Finally. I’m glad to hear VP9 (an open source video codec) is still a big part of their HTML5 plans. I’m curious to see how the percentage of DRM content on YouTube changes with EME (Encrypted Media Extensions) becoming more widely supported in browsers. But hey, if having EME means we that we have official support for Netflix on Ubuntu, it’s not all bad news.
I’ve been watching the NBC Nightly News video podcast for a long time. Probably since 2006, and maybe even as early as 2005 (ten years ago!). It’s never been perfect — sometimes they skip a day without explanation, and they clearly cut out some content on occasion — but it’s been an important part of how I’ve gotten news over roughly the last 10 years.
My wife and I will often watch it while eating breakfast together. We were greeted with this notice today:
NBC is dropping all their video podcasts, without explanation. They’re also dropping Meet the Press and Today alongside NBC Nightly News. MSNBC video podcasts, like The Rachel Maddow Show don’t have this notice yet, but I wouldn’t be surprised to see that happen. NBC isn’t the only one to drop their news video feeds; CBS and ABC seem to have dropped theirs a while ago. At the time of this writing, the last CBS Evening News video podcast is from early September 2014. I don’t know if others like PBS or BBC ever offered video podcasts, but I can’t find any remnant of them if they did exist.
All the audio podcasts remain. This move seems to be about video. That can be said for almost all major broadcasters, like ABC, BBC, CBS, CNN, NBC, and PBS. Seemingly no one is offering video podcasts.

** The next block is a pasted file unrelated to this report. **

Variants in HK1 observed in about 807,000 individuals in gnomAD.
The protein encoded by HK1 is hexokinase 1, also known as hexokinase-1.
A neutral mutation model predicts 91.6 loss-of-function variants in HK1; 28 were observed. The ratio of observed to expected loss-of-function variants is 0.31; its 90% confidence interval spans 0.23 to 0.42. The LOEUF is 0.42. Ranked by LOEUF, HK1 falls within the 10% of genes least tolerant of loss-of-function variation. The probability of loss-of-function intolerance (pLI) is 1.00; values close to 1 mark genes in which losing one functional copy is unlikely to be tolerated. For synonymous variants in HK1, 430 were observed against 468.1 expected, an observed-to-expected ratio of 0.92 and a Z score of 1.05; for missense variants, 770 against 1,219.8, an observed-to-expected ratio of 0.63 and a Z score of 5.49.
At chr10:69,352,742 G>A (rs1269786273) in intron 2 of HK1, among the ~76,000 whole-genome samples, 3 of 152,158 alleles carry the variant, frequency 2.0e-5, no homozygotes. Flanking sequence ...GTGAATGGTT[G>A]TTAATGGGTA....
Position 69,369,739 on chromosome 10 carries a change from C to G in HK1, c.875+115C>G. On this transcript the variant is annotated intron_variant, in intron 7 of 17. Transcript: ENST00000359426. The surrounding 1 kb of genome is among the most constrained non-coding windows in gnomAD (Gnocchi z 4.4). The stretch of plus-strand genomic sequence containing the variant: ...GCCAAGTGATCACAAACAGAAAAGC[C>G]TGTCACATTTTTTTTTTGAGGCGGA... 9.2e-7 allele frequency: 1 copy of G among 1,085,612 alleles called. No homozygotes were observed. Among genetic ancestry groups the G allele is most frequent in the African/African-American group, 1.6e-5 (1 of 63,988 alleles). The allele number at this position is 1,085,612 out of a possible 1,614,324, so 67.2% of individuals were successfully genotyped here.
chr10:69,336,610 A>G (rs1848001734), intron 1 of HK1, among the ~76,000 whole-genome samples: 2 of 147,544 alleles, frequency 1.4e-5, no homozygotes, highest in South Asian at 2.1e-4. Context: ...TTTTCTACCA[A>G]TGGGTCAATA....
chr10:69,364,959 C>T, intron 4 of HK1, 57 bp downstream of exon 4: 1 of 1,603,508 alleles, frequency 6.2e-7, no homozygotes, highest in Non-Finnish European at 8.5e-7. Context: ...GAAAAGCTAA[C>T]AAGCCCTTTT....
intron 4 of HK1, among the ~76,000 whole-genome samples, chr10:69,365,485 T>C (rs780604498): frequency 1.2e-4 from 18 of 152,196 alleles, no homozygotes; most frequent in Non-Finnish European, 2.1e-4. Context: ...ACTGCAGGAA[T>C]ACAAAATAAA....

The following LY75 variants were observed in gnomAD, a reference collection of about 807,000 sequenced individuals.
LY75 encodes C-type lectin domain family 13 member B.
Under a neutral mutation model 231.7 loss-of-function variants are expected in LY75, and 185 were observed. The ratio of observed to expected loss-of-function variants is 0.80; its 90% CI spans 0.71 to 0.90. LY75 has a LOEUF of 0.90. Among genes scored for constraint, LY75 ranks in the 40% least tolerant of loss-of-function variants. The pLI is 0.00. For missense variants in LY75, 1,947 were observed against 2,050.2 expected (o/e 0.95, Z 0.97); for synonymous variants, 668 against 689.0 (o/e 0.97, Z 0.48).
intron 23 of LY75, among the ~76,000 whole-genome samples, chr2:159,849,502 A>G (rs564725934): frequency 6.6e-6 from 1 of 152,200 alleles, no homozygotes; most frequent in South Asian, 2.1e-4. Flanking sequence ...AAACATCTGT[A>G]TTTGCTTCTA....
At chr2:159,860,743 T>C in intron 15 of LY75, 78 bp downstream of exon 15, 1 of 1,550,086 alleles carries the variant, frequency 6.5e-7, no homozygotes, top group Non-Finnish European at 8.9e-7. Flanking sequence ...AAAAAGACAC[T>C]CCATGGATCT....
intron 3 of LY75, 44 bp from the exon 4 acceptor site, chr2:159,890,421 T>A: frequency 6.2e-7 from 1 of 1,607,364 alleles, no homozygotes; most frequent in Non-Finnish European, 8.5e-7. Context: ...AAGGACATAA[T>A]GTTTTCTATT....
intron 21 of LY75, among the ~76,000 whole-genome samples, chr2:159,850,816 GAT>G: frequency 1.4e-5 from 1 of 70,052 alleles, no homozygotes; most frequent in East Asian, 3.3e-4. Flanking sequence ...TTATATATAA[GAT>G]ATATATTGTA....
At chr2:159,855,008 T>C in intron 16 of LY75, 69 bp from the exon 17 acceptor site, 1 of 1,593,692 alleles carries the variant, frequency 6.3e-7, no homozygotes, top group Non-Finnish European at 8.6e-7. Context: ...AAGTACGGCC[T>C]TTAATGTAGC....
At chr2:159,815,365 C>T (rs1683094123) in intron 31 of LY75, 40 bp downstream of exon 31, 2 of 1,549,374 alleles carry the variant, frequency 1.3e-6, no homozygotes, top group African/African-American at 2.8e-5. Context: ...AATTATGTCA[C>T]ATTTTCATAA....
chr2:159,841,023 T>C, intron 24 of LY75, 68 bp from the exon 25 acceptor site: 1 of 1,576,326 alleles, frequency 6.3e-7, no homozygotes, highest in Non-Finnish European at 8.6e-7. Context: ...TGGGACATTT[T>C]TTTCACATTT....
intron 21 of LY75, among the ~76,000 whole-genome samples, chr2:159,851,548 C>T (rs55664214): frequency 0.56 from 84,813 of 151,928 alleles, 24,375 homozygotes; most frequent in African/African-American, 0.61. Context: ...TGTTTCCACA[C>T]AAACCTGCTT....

So is NBC Nightly News stopping their video podcast really that big of a deal? Well, not specifically. My concern is really about the systematic reduction of the video podcast as a format.
Especially when I didn’t have a TV, I used to watch Nightly News on a laptop. Eventually, I added watching the podcast on a TV and my smartphone. It was (and is) great, because I could watch it whenever I wanted, often with breakfast the next morning. No waiting for downloading, no navigating extra menus. At one point, I even wrote a little Ruby script to automatically play it on my laptop in the morning. It was ready next to my coffee (which had also started automatically). There’s something nice about that.
That’s the thing about podcasts: they’re malleable. You can do so much with them. After all, a video podcast is just a file with a link to a DRM-free video file. There are very few restrictions to how a podcast consumer can use that file; you can play it on an old “unsupported” computer or your video game console. You can burn it to DVD. You can save segments you want to keep. You can use content in all sorts of interesting ways, moving it easily between devices. In the end, that’s probably exactly what NBC and other broadcasters don’t like about video podcasts.